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Schwab’s Sonders: Election Gives ‘No Clarity’ on Fiscal Cliff; Townsend on Dodd-Frank

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In a post-election conference call on Thursday, two members of Charles Schwab & Co.’s braintrust shared their insights, suggestions and projections for the markets, the economy, taxes, legislation and regulation—including implementation of Dodd-Frank in the 113th Congress that was elected on Tuesday.

The conversation confirmed that the biggest issue with the election now decided is the fiscal cliff: how Congress and the Obama administration deal with that package of tax, debt and sequestration issues will have a major impact on where the markets and the economy go, and how American investors feel about their own prospects.

To begin, Schwab chief investment strategist Liz Ann Sonders (left) suggested that the election yielded a status quo in the Washington political power equation, which “provides no clarity on the fiscal cliff.” Dealing with the cliff needs to be done, she said, “before we can open the valve to pent-up demand” and grow the economy.  There is a chance for a recession in 2013, Sonders suggested, whose “magnitude” will be based on how we deal with the fiscal cliff. “Recessions tend to come when there have been big excesses” in an economy, but since, she said, “you can’t fall out of a basement,” any such recession would not be severe.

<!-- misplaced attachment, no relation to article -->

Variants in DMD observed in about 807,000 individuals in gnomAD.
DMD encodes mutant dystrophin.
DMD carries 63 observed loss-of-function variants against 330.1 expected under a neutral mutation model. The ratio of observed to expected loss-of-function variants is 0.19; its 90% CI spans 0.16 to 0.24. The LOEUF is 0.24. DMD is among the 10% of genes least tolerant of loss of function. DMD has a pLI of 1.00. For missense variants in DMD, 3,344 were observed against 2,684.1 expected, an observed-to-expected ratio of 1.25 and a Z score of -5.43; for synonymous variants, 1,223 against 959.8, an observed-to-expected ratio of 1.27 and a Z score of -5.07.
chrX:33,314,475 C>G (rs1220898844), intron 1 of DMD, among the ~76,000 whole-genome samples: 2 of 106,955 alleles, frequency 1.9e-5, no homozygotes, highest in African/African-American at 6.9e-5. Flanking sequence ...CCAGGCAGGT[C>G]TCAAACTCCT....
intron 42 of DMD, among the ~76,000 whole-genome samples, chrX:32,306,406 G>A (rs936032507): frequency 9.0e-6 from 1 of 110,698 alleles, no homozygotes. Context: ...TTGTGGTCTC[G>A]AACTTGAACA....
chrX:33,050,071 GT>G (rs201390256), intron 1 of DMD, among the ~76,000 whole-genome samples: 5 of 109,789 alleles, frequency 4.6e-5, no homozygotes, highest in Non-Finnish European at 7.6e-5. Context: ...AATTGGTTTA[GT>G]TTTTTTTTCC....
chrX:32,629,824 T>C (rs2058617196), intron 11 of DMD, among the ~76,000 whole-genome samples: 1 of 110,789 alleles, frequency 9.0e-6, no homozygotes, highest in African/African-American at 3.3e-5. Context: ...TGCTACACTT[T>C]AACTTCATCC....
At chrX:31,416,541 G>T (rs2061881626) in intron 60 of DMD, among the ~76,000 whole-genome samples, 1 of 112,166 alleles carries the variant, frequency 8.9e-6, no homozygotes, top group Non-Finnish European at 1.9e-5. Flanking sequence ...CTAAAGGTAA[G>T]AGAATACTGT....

(Sonders will be kicking off the annual Schwab Impact 2012 conference in Chicago with a preconference presentation on directions for the economy and markets on Tuesday, Nov. 13; see the Impact agenda here, including times for keynote speakers Chuck Schwab, Erskine and Bowles, and Alan Alda; and view AdvisorOne’s onsite coverage on our special Schwab Impact 2012 landing page.)

She mentioned that “some pundits think falling off the cliff could be positive,” since it would force government to deal with its long-term secular issues. “It’s not my base case or hope,” she said in referring to going over the cliff, “but it’s one way to see a silver lining” should that worse-case scenario occur. Noting that even the term “cliff” suggests going over it would be “steep and immediate,” in fact the effects “would be spread out,” especially on sequestration and more specifically on defense cutbacks.

While she warned that it’s “generally difficult in dealing with politicians to have specific” predictions of how they will behave, she expects any cliff-avoiding move will be “very 11th hour in nature” and whether or not Congress and thep president merely give the issue “a kick ahead or go over the cliff,” a deal will likely include “fundamental tax reform coupled with regulatory reform and entitlement reform,” an outcome she said “would be incredibly positive.”

When asked what could boost U.S. consumers’ confidence, she first suggested that confidence is in fact fairly high, helped by the recovery in the housing market. “It’s too soon to tell whether the election will boost confidence,” she said, but “if we see our politicians can get into the sandbox and play nicely,: there is cause for hope. She warned that “we’re not finished with difficult times for the stock market…in the near term there’s not much of a catalyst” for stock growth, and that “we may have more pain.” 

Returning to the fiscal cliff scenario, the markets, she said, “don’t want piecemeal” attempts at reform, but rather to “tackle this in a secular, fundamental way,” that would improve American’s confidence in Congress; and would deliver “ultimate benefits to the economy that would be tremendous.”